5 Reasons Why It’s Still OK To Celebrate Columbus Day

The District of Columbia council last week joined 130 other municipalities in renaming Columbus Day as Indigenous Peoples Day.

Six states have renamed Columbus Day (no word on whether the District of Columbia will change its name, as Columbia is a poetic reference to the famed explorer), and memorials to Columbus are under attack by iconoclastic vandals. Commemorations are at an all-time low, and favorable public opinion on Columbus Day is down to 56 percent per the most recent nationwide poll we could find, and a poll of college students released last week has nearly 80% in favor of axing the holiday.

Columbus Day, though Christopher Columbus “sailed the ocean blue” in 527 years ago, has only been a holiday since 1934. But its roots go deep. And the reasons for resistance to a holiday so deeply ingrained in our American cultural tapestry are not as pure as they may seem.

Below are five reasons why Columbus Day celebrants can hold their head high in 2019 rather than kowtow to guilt-based politics.

1. Italian heritage. Even perpetually leftward NPR admitted today that Columbus Day is still a celebration of triumph for America’s Italian-descendant population. At one point it was a multicultural rallying point. Interviewed over the weekend was Joseph Sciorra, an Italian-American studies professor at Queens College in New York who said:

“There’s an emotional bond to Columbus. I’ve read poetry which has – says, you know, when I look at the figure of Columbus on a statue, I don’t see Columbus. I see my grandfather. I see the sort of worker’s hands in his hands. I see the visage, his visage. And I see that of my grandfather. So there’s a really emotional bond there.”

2. ‘Flawed heroes.’ Americans once revered men of uncommon tenacity such as Christopher Columbus as “flawed heroes,” according to Catholic historian Warren H. Carroll, a 2013 post by the Acton Institute recalled. Columbus’s daring, along with his resourcefulness in using very rudimentary ocean navigation methods and information to find a reliable route to North America (even though he was intending on finding Asia) is still worthy of admiration. Had he not found land, his crew would have certainly died. We honor him for his vision as we honor Amelia Earhart, Thomas Edison, Steve Jobs, and Marie Curie. According to Carroll:

“Columbus was a flawed hero — as all men are flawed, including heroes — and his flaws are of a kind particularly offensive to today’s culture. … But heroes and the inspiration they give are essential to uplift men and women; without them, faceless mediocrity will soon descend into apathy and degradation. Heroes need not be perfect; indeed, given the fallen nature of man, none can be perfect. It is right to criticize their failings, but wrong to deny their greatness and the inspiration they can give.”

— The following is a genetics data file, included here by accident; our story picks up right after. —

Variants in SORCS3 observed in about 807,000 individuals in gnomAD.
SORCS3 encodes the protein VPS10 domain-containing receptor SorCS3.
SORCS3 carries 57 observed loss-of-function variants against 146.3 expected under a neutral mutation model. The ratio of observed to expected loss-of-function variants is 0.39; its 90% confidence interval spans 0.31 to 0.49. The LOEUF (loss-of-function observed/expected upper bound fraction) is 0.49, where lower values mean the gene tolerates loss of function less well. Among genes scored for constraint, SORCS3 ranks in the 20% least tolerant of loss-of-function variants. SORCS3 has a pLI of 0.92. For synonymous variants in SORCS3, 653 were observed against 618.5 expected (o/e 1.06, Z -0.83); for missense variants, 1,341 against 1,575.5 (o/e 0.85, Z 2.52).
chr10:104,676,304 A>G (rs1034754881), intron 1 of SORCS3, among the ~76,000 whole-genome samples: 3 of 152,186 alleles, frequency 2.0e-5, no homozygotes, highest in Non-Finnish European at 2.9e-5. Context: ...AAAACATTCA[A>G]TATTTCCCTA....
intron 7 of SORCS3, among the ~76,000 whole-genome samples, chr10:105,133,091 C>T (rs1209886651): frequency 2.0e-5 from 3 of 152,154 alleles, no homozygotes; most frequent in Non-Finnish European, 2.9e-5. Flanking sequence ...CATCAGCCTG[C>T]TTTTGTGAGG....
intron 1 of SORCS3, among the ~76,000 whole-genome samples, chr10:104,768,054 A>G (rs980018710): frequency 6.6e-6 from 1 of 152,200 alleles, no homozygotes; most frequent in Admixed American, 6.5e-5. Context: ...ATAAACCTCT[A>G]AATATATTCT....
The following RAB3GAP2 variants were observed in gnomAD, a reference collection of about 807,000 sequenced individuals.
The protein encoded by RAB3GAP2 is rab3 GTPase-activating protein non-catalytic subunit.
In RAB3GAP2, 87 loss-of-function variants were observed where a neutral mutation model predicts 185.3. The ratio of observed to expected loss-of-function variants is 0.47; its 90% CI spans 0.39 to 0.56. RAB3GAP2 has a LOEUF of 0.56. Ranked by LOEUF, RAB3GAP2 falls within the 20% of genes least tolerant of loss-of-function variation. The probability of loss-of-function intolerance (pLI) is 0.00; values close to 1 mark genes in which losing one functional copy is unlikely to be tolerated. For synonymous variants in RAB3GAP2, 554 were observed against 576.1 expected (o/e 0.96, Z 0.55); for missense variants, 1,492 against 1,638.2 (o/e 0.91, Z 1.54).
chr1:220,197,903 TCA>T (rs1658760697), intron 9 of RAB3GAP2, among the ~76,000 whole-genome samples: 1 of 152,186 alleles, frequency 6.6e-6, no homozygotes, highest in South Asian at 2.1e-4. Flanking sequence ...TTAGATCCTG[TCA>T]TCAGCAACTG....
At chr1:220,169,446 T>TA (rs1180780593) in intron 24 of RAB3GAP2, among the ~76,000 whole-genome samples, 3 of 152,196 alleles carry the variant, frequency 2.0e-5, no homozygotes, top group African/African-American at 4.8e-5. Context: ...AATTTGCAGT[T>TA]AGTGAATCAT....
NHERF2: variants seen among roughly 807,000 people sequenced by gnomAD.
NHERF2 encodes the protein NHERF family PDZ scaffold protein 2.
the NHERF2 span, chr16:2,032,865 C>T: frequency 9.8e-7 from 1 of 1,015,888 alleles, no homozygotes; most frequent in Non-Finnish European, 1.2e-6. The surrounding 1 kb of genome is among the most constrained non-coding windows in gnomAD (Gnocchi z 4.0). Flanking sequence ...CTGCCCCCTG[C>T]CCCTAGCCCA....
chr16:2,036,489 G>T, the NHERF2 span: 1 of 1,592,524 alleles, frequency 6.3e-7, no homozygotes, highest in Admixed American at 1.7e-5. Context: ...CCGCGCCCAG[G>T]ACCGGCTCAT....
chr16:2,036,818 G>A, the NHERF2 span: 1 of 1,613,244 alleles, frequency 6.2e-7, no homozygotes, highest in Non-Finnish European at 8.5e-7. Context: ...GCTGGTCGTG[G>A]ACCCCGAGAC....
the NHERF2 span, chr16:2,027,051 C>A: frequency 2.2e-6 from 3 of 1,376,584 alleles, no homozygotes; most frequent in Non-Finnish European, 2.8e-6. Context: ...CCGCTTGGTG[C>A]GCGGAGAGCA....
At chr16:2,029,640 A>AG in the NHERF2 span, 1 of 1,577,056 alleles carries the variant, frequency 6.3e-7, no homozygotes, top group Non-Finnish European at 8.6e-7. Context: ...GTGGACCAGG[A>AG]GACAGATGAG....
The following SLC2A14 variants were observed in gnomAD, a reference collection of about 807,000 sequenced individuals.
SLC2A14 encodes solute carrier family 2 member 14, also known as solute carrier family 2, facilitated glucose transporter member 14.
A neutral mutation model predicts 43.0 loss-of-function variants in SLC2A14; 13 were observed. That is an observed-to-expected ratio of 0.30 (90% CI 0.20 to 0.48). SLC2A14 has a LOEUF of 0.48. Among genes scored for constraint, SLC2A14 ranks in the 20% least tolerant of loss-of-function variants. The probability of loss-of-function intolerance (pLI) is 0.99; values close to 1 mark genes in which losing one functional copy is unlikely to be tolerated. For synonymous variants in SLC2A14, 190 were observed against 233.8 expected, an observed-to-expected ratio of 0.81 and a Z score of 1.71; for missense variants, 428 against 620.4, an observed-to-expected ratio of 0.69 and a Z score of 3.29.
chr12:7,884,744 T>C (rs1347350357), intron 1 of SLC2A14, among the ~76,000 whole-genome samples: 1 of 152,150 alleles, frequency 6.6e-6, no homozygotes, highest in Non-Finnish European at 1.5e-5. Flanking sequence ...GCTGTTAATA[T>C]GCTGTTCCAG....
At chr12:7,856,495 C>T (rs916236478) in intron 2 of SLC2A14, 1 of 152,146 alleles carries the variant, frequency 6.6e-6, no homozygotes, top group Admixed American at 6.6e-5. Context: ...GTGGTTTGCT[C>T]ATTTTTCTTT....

3. Iconoclasts won’t stop at Columbus. Or Confederate memorials, for that matter. Or George Washington murals. Or … you get the drift. Before Civil War monument removal fever began, it was becoming fashionable to remove any and all mentions of Columbus in the public sphere. Just today, the Columbus statue near San Francisco’s famed Coit Tower was splashed with paint. Per the Acton Institute post above, this hatred for heroes with whom we may disagree is most certainly based in a disdain for heroes in general. If we don’t put our foot down with Columbus we will soon find ourselves with few statue-worthy heroes, if any at all, that are not under constant threat of vandalism or official removal.

4. Indigenous Peoples Day isn’t any better, by and large. Google “Columbus Day” and you won’t see much about it without the aforementioned Indigenous People’s Day far behind. It’s not that a more prominent day celebrating Indians/Native Americans wouldn’t be a cause worth commemorating. It would, in many, many ways (see item No. 5 below). But as a 2017 article in The Federalist noted, Columbus-hating revisionists turn a blind eye toward the “slavery, torture, and cannibalism” practiced by no small number of native tribes.

“When thinking of pre-Columbian America, forget what you’ve seen in the Disney movies. Think ‘slavery, cannibalism and mass human sacrifice.’ From the Aztecs to the Iroquois, that was life among the indigenous peoples before Columbus arrived. For all the talk from the angry and indigenous about European slavery, it turns out that pre-Columbian America was virtually one huge slave camp.”

5. What about the Vikings? Columbus was a conquistador by our modern standards. It may not be fair to compare the civility of Columbus and Vikings, who discovered America half a millennia apart. However, it may be worth noting that Columbus Day as a federal holiday and the first Lief Erikson Day proclamations started around the same time — and they found a way to co-exist on different days (Erikson’s day is Oct. 9). It’s perhaps ironic that those who decry the displacement of Indian tribes by white settlers are being themselves cultural displacers. We can take a cue from Lief Erickson supporters here and find a way to weave together perhaps a month-long celebration of American cultural roots.

According to a White House proclamation of this year’s Lief Erikson Day:

Nordic Americans contribute each day to the rich tapestry of our country by their self-reliance, drive, spirit of adventure, and cultural traditions. On this day, we pay tribute to the remarkable achievements of Leif Erikson, and we celebrate the daring dreams, big vision, and passion for discovery of all people of Scandinavian heritage.

That’s how we do it in America.

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